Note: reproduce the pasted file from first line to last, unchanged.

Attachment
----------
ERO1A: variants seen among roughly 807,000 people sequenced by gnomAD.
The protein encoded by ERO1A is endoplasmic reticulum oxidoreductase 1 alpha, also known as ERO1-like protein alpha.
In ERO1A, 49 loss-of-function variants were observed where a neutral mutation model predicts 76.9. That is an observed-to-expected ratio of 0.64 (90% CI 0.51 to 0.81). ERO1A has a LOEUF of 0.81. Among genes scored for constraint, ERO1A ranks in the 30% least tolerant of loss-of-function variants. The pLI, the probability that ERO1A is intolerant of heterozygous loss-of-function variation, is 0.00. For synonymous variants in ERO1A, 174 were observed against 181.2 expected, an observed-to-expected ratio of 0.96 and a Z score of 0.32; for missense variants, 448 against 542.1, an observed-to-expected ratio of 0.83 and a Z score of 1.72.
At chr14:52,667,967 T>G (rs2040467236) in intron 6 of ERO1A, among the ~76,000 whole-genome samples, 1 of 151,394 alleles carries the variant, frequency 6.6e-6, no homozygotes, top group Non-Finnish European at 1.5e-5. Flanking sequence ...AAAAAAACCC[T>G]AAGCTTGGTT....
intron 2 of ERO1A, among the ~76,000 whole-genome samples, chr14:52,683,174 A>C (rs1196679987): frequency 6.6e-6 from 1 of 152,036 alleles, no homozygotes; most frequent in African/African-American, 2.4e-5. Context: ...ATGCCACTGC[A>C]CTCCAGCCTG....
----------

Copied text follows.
ERO1A: variants seen among roughly 807,000 people sequenced by gnomAD.
The protein encoded by ERO1A is endoplasmic reticulum oxidoreductase 1 alpha, also known as ERO1-like protein alpha.
In ERO1A, 49 loss-of-function variants were observed where a neutral mutation model predicts 76.9. That is an observed-to-expected ratio of 0.64 (90% CI 0.51 to 0.81). ERO1A has a LOEUF of 0.81. Among genes scored for constraint, ERO1A ranks in the 30% least tolerant of loss-of-function variants. The pLI, the probability that ERO1A is intolerant of heterozygous loss-of-function variation, is 0.00. For synonymous variants in ERO1A, 174 were observed against 181.2 expected, an observed-to-expected ratio of 0.96 and a Z score of 0.32; for missense variants, 448 against 542.1, an observed-to-expected ratio of 0.83 and a Z score of 1.72.
At chr14:52,667,967 T>G (rs2040467236) in intron 6 of ERO1A, among the ~76,000 whole-genome samples, 1 of 151,394 alleles carries the variant, frequency 6.6e-6, no homozygotes, top group Non-Finnish European at 1.5e-5. Flanking sequence ...AAAAAAACCC[T>G]AAGCTTGGTT....
intron 2 of ERO1A, among the ~76,000 whole-genome samples, chr14:52,683,174 A>C (rs1196679987): frequency 6.6e-6 from 1 of 152,036 alleles, no homozygotes; most frequent in African/African-American, 2.4e-5. Context: ...ATGCCACTGC[A>C]CTCCAGCCTG....